The Iron Horse Inn, shown here along Lincoln Avenue in Steamboat Springs on Thursday, recently was purchased by the city of Steamboat Springs to provide affordable housing to city employees.

Photo by Brian Ray

The Iron Horse Inn, shown here along Lincoln Avenue in Steamboat Springs on Thursday, recently was purchased by the city of Steamboat Springs to provide affordable housing to city employees.

City evaluates Iron Horse proposals

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Management plans

• City staff

Revenue: $841,000

Expenses: $848,834

City's net: $-7,834

• Central Park

Revenue: $858,000

Expenses: $849,803

City's net: $8,197

•Resort Group (work force)

Revenue: $638,000

Expenses: $631,423

City's net: $6,577

• Resort Group (work force/nightly)

Revenue: $850,000

Expenses: $854,423

City's net: $-4,423

— Two local property management firms have responded to a city of Steamboat Springs request for proposals to manage the Iron Horse Inn. Central Park Management and Resort Group submitted proposals that, after a preliminary fiscal analysis, may save the city money.

The Iron Horse Inn was purchased last year in a deal approved by the previous Steamboat Springs City Council. After honoring existing reservations this ski season, the city initially planned to spend $1 million - of the $5.3 million borrowed for the purchase - to renovate the hotel's 52 rooms into 40 traditional apartments that it would rent as affordable housing.

The current City Council, however, would rather minimize the Iron Horse's cost to the city by not renovating the property and keeping nightly rentals in play. The city is providing long-term rentals in 29 rooms for city workers and those of other Steamboat employers.

In addition to keeping nightly rentals in play, the City Council instructed city staff to solicit private-sector partnerships and ideas for the management of the inn. Central Park Management and Resort Group submitted plans for continuing to run the inn as both a work force housing and lodging operation. Resort Group also submitted a second option to use the Iron Horse for work force housing only.

A city staff report estimates that the inn, if run by the city, would have an annual loss of $7,834. It is estimated the Central Park plan would result in an annual profit of $8,197 for the city. Resort Group's work-force-only option is estimated to make an annual profit of $6,577, its work force and hotel option would lose $4,423.

"The reason I was excited about it was that they came in pretty close to what the city can do," Councilwoman Cari Hermacinski said last week.

With further negotiation, Hermacinski said the private sector's offers might get even better. One reason Hermacinski is in favor of a private company taking over the management of the Iron Horse is because she thinks the inn is taking up a lot of time for city employees.

Deputy City Manager Wendy DuBord said her office often takes calls from residents about such things as roof leaks and noise complaints. She said trusting the inn's management to a private company would eliminate much of the city's overhead.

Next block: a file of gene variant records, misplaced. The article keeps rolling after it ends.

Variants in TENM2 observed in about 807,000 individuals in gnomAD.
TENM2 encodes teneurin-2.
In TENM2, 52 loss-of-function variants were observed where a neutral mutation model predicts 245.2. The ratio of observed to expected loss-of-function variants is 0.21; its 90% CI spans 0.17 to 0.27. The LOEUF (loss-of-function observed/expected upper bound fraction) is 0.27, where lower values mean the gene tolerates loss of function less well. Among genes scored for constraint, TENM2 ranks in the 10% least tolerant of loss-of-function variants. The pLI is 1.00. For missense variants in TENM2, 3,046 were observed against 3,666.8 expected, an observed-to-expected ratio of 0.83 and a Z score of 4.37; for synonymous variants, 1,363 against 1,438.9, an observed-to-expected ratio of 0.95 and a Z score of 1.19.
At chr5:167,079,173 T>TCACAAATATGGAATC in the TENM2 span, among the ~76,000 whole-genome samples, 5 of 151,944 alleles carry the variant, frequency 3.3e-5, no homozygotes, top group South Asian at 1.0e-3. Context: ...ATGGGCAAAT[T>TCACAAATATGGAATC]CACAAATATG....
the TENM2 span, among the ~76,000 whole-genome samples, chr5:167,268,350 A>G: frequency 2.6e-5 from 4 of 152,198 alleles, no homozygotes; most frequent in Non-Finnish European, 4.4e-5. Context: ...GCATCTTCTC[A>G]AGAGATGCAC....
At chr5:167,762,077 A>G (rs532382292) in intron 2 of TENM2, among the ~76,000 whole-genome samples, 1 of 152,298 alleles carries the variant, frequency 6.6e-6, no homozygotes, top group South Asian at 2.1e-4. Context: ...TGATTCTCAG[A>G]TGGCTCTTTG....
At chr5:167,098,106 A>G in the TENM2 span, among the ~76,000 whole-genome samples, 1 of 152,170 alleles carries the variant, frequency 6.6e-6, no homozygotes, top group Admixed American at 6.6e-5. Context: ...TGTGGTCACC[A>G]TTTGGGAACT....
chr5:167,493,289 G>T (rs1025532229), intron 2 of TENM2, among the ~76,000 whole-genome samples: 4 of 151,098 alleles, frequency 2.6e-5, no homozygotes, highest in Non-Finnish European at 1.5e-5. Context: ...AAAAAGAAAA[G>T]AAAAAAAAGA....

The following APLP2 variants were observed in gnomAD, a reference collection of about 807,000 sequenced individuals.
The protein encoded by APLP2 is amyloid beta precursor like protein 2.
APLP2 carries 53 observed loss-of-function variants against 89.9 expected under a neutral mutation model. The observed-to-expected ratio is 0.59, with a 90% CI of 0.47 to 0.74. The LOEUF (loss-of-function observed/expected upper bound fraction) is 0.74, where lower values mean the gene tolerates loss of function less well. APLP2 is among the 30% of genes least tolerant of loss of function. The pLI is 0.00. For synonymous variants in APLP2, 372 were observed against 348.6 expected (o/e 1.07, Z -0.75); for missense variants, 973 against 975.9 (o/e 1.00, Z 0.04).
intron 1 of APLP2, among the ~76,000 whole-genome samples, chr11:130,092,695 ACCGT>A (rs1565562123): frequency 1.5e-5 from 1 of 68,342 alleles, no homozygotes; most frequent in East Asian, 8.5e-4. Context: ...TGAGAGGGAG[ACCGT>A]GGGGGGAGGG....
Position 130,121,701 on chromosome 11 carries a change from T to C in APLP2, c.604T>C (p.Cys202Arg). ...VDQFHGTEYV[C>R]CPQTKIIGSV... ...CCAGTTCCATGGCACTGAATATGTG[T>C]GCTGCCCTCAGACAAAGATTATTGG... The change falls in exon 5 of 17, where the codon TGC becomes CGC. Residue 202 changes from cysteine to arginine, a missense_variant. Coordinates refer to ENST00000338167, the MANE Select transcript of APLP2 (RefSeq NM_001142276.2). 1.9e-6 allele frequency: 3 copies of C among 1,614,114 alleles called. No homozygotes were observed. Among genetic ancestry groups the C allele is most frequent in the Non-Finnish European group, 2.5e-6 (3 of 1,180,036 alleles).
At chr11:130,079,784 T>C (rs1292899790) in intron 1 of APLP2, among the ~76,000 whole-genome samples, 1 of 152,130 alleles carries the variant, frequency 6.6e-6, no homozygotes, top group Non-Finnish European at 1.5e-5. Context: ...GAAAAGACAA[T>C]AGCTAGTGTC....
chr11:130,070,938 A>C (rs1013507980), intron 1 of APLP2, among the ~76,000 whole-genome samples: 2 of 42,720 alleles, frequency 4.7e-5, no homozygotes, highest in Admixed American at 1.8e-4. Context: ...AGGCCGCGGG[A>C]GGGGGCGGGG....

"Every month we manage it, quite frankly, we have more confidence we can manage it," DuBord said last week. "But it's not our core business, so if the private sector can do it better and cheaper, we want them to do that."

Curt Weiss of Central Park Management said his company has the experience to efficiently and effectively run the property.

"We've been in the long-term rental business for almost 30 years now," Weiss said.

Weiss thinks the private-management option would allow the city to get out of the lodging business and make some money while still satisfying an essential need for work force housing.

DuBord said the city will enter into a detailed analysis of the proposals, which she said have pros and cons. The city will request a best and final offer from both property managers and return to City Council within a month with a recommendation.

"We want to make sure that the quality of management is at least as good as what we're providing," DuBord said. "We also want to make sure that the city gets a certain amount of those units for city employees at a preferred or at least current rates."

Comments

thecondoguy1 6 years, 9 months ago

Next time the city council wants to spend more then $70,000.00 it needs to go to a public vote, the next thing you know we will own Disneyland...............

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wishiwerethere 6 years, 9 months ago

Gag! is that sign big/ugly enough?!? dont they think the employees can find it without a huge sign? everyone who lives in town knows where the Iron Horse is. either we've lived there at one time or know someone who has.

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SilverSpoon 6 years, 9 months ago

Backroom deals don't go to vote, they don't even reach public knowledge until the investor's have the city locked into the deal. Who is responsible for the stupidity? The city, the realtors, the city council. In this case, Realestate is NOT always a great investment. The city needs to stick with their "business", of plowing roads, and public works, and collecting fees from citizens, annexing realestate.

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ColoradoNative 6 years, 9 months ago

Can someone explain to me why the City of Steamboat springs wants to be in competition with local lodging and free enterprise?

I know some people joke about the socialist government here but come on. This is absolutely ridiculous for us to even allow this to continue on.

What's next? The City of Steamboat Springs Bar and Grill?

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